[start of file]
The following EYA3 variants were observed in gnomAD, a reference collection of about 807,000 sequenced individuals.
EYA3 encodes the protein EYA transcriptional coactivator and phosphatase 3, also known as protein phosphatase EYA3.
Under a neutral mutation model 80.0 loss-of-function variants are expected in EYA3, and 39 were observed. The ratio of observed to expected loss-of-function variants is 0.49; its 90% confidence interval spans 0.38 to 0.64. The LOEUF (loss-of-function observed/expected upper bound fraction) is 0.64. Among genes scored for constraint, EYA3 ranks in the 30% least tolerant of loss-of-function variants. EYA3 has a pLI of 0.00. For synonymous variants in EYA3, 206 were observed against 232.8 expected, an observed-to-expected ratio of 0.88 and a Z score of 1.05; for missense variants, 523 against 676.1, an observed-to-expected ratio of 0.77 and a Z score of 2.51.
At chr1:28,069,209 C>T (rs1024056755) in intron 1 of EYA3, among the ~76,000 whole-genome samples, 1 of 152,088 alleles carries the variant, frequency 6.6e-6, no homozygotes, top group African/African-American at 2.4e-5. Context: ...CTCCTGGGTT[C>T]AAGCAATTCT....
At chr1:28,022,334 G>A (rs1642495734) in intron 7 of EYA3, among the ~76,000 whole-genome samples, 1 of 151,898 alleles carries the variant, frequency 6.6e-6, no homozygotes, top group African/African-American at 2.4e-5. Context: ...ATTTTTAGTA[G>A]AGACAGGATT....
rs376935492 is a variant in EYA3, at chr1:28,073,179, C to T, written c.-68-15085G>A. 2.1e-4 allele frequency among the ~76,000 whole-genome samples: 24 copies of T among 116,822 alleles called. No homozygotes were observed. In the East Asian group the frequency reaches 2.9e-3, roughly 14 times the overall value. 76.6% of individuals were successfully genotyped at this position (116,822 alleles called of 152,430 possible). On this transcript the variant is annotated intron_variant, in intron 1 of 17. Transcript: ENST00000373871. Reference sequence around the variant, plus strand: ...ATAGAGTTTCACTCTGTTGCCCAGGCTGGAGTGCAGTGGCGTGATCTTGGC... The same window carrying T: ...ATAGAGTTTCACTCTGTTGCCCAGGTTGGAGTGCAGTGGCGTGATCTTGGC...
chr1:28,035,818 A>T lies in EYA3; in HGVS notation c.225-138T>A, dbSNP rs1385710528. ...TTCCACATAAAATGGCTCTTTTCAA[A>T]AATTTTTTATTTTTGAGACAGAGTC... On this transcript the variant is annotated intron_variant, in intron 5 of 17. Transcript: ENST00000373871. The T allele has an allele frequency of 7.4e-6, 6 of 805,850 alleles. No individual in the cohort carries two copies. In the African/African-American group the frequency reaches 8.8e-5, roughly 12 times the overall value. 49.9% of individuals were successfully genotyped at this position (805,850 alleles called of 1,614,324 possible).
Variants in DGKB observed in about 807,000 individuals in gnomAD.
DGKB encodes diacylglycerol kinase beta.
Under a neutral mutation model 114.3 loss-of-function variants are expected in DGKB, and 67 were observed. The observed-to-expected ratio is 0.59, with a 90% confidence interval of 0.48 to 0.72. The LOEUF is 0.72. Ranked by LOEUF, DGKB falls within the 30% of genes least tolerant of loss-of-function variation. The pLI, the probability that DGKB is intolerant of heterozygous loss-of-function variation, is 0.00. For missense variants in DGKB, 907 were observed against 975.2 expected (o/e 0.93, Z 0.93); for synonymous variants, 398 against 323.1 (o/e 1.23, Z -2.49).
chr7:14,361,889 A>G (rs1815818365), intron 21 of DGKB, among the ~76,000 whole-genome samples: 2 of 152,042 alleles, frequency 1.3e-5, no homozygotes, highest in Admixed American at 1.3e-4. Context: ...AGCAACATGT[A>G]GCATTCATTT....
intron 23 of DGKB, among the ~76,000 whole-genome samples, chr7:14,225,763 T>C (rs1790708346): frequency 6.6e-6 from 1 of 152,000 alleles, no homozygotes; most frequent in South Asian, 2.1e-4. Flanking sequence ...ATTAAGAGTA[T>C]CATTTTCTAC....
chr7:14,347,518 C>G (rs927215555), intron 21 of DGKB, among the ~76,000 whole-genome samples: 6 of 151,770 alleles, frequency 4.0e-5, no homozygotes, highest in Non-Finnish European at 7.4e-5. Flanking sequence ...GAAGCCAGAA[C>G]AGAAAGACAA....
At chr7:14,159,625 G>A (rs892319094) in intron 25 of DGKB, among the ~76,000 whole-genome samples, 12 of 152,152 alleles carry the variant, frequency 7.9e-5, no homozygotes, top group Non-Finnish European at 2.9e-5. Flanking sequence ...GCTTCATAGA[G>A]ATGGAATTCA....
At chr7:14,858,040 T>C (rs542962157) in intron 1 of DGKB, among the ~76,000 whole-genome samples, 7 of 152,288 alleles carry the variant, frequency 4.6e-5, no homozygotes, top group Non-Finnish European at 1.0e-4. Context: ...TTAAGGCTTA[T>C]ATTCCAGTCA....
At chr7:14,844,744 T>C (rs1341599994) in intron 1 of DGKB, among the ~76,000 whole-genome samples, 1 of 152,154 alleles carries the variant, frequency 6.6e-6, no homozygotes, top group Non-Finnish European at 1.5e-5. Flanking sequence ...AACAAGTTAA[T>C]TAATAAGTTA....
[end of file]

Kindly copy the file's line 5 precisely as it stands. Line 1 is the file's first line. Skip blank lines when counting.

At chr1:28,022,334 G>A (rs1642495734) in intron 7 of EYA3, among the ~76,000 whole-genome samples, 1 of 151,898 alleles carries the variant, frequency 6.6e-6, no homozygotes, top group African/African-American at 2.4e-5. Context: ...ATTTTTAGTA[G>A]AGACAGGATT....